Restrictive Airway Diseases
When lung capacity is restricted, either from blockage or a decrease in lung elasticity, this is known as a restrictive airway disease. Scarring lung diseases, called interstitial lung diseases are in the category of restrictive lung disease. Interstitial lung disease can be caused by infection, exposure to toxins or pollutants, autoimmune disease or be idiopathic where no cause is yet known. The scarring process leads to lungs that are smaller than normal and sufferers cannot expand their lungs adequately to breathe well. There are fewer available treatments for restrictive lung diseases as compared to obstructive lung diseases. Generally a consultation with a pulmonary specialist is needed as there are many types of restrictive lung diseases. Some types are more responsive to treatment than others, so it is important to seek expert consultation.
Prevention of Airway Diseases
Most people recover from infections or other exposures that cause airway diseases. Others are genetic and cannot be prevented. Still, Monica Kraft, formerly of Duke University and the University of Arizona says that there are many ways to avoid many lung diseases, including COPD and lung cancer, the latter which often coexists with COPD.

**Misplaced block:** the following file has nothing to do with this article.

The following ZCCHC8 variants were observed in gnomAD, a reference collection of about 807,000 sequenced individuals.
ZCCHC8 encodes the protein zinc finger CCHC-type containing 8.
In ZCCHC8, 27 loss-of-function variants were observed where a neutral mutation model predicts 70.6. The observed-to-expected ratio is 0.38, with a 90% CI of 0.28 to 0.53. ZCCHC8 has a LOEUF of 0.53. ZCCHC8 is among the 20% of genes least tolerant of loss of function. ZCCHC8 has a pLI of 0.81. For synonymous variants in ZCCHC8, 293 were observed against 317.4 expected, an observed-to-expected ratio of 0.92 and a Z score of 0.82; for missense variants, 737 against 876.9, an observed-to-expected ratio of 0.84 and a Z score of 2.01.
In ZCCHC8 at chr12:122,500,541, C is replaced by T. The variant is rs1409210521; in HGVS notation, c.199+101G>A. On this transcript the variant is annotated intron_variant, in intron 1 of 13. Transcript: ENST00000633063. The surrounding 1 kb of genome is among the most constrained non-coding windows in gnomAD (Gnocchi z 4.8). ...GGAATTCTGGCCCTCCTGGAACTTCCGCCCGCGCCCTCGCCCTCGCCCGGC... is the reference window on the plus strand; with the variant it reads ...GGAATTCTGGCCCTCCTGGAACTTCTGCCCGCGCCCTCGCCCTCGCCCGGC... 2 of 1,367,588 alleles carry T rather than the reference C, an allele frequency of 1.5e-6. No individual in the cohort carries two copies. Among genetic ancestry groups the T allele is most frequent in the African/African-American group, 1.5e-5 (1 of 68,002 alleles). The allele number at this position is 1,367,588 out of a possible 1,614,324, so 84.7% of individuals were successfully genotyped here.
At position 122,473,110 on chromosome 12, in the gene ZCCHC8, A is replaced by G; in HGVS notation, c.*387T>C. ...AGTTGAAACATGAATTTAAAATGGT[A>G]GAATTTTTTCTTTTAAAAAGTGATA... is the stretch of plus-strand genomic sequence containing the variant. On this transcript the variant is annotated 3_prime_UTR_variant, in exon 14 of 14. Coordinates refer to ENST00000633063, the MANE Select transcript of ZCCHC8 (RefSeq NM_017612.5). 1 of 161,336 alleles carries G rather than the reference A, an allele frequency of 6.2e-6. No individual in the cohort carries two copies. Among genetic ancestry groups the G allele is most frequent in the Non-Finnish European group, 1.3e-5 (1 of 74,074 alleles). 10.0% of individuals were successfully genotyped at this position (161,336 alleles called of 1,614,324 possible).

The most important way to reduce the risk of such diseases is to quit smoking as soon as possible and avoiding second-hand smoke. Smoking is the leading cause of all deaths from airway diseases. Removing yourself from working in environments with significant pollutant and chemical exposures will also reduce risk.
To best avoid everyday airway diseases for those at high risk or risk of complications with illness exposure, it is recommended for those individuals to wear masks at times when the infection rate in the population is high, such as the fall or winter in the case of influenza. In the case of SARS-CoV-2, wearing a mask when indoors or outdoors with large groups is also helpful to decrease the spread of this virus. It is also important to wash the hands regularly with soap, get adequate sleep and maintain a healthy diet to keep the immune system robust.